Paradoxically, disengagement can be more exhausting than energetic behaviour. Disengaged managers are often plagued by feelings of anxiety, uncertainty, anger, frustration and alienation. They deal with those emotions by withdrawing or doing the bare minimum, which makes the situation worse. Despite their low levels of energy, these managers suffer from burnout more frequently than their colleagues do. And they are easily overwhelmed by unexpected events.
The Distracted Manager: High Energy, Low Focus
By far the largest group of managers we studied—about 40%—fell into the distracted quadrant; those well-intentioned, highly energetic but unfocused people who confuse whirlwind frenzy for constructive action. They always feel a desperate need to do something —anything—and that makes them as dangerous as the proverbial bull in a china shop.
Because they do not stop being active, distracted managers tend to have trouble developing strategies and adjusting their behaviour to new requirements. They don’t take time and energy to reflect. Under pressure and confronting the need for change, they precipitate into intensified activities. They do the same as always, only with even more intensity. They become victims of their established “behavioural templates.” Faced with extreme difficulties, these managers resort to panic behaviours—running away, irrational displacement activities or extensive and uncontrolled trial and error.
Moreover, because distracted managers tend to be short-sighted, they often find themselves overcommitted. They get involved in multiple projects with the best of intentions, but eventually their interest pales and they wind up either constantly fighting fires or abandoning projects altogether. In the space of two months one HR manager was observed taking on three big projects—redefining the role of the HR department, renewing the 360-feedback system, and creating a new leadership development programme— over and above his everyday job requirement. In the end, he abandoned one project, passed on responsibility for another, and did a poor job on the third.
The Purposeful Manager: High Focus, High Energy
The smallest proportion of managers studied—only about 10%—were both highly energetic and highly focused. Not only do such purposeful managers put more effort into their work than their counterparts, they also achieve critical, long-term goals more often. These managers tend to be more self-aware than others. Their clarity about their intentions, in combination with their strong will power, helps them take sound decisions about how they spend their time. They pick their goals —and their battles—with far more care than managers in the other three categories.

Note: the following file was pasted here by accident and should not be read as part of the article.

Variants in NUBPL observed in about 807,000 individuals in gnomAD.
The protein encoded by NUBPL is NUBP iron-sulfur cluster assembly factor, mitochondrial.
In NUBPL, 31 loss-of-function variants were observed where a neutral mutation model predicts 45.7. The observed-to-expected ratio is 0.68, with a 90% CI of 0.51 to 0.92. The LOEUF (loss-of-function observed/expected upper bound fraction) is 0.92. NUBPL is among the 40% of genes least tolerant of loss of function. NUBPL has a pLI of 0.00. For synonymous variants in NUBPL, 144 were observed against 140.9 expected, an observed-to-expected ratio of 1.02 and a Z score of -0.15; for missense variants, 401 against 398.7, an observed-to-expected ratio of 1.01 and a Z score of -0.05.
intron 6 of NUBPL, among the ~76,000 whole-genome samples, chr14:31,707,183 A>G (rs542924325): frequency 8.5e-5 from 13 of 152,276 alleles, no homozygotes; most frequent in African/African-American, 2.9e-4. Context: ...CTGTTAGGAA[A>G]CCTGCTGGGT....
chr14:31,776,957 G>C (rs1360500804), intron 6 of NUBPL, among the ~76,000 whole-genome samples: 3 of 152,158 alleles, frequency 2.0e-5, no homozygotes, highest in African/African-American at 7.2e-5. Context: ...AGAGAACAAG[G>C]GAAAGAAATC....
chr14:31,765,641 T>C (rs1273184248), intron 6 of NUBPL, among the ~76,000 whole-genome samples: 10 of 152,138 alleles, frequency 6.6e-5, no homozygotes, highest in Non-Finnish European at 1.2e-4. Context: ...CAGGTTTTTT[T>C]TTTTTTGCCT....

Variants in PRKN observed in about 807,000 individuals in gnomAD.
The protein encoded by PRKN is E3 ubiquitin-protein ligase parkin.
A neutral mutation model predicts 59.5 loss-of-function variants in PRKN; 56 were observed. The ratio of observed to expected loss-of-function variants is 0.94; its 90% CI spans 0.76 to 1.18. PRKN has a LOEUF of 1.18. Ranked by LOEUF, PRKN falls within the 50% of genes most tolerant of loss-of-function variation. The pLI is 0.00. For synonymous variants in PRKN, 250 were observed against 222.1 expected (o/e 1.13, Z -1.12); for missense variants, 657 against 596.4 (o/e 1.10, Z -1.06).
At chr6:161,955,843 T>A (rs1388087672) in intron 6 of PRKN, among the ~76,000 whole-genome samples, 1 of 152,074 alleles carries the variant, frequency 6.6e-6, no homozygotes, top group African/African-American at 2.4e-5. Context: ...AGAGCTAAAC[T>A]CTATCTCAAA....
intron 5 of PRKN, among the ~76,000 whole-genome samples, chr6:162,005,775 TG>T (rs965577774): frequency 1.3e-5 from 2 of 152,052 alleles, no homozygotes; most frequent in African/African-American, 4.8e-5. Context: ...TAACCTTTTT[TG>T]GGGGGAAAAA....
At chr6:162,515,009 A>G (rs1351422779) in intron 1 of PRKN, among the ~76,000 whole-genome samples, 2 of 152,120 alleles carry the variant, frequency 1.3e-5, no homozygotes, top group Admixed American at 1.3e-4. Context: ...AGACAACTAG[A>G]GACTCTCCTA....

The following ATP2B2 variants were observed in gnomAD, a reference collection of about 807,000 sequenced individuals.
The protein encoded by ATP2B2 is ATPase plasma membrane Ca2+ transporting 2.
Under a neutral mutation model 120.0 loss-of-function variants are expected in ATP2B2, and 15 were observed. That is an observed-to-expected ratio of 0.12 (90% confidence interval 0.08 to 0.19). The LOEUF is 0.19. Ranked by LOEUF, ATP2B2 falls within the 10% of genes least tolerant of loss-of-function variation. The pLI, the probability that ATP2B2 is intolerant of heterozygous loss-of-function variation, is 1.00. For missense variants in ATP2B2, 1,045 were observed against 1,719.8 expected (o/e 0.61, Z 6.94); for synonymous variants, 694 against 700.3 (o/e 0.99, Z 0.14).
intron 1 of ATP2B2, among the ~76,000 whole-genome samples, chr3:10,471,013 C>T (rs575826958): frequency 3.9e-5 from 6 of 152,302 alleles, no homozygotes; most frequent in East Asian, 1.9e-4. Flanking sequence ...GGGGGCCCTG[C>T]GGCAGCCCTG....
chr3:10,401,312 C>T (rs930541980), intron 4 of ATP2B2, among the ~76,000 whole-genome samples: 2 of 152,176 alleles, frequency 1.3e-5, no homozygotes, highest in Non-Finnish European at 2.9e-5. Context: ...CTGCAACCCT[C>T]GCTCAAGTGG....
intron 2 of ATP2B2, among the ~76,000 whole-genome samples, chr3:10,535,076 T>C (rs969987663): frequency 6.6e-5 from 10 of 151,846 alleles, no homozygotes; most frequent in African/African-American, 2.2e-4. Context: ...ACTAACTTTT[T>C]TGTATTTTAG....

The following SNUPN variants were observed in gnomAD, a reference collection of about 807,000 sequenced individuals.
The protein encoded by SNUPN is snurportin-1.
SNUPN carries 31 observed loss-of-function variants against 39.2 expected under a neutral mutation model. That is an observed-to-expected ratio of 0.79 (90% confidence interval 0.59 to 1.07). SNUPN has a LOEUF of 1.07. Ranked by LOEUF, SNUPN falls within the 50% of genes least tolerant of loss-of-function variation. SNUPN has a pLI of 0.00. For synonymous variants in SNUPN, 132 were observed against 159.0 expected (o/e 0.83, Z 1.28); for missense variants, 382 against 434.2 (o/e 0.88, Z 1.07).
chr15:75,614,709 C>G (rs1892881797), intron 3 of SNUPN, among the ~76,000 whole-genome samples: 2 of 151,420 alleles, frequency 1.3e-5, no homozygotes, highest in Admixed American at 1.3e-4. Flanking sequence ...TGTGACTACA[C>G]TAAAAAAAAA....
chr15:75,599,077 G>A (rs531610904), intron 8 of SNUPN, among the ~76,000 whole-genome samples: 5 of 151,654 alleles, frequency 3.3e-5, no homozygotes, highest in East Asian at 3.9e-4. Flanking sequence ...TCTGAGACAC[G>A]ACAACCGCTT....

A key distinguishing feature of purposeful managers is their sense of personal responsibility for the challenges they have chosen to respond to. They feel accountable for making a meaningful contribution. “When nobody is responsible, I am responsible,” one manager told us. “I own an issue and do what I think is necessary—unless and until the CEO pulls me back.”
Purposeful managers husband their energy. Aware of the value of time, they manage it carefully and consciously. Some refuse to respond to e-mails, phone calls or visitors outside certain periods of the day. Others build “think time” into their schedules. As one of these managers said, “In the busiest times, I slow down and take time off to reflect on what I actually want to achieve and sort out what’s important from irrelevant noise. Then I focus on doing what is important.”
But the greatest difference between purposeful managers and others lies in the way they approach work. Other managers feel constrained by outside forces: their bosses, their peers, their salary schemes, their job descriptions. Those external factors determine for them what they can or cannot do. In other words, they work outside-in. Purposeful managers do the opposite. They decide first what they must achieve, and then they work to manage the external environment so that, in the end, they can achieve their goals. They work inside-out. This distinction between outside-in and inside-out behaviours—between motivation and volition—will be the topic of the next article in the series.
- Most Managers confuse being active with purposeful action- taking. This ist the syndrome we call “active non-active” which, we believe, is a central behavioural problem in many companies.
- Action demands energy. Focus, on the other hand, represents the capacity for concentrated attention.
- Over the past threee years, action-taking in a group of over 120 managers at a very large global company was intensely studied. What follwos:
- 30% of the managers studied were procrastinators.
- Roughly 20% of the managers studied fell into the disengaged category.
- By far the largest group of managers we studied—about 40%— fell into the distracted category.
- The smallest proprotion of managers studied—only about 10% —were both highly energetic and highly focused.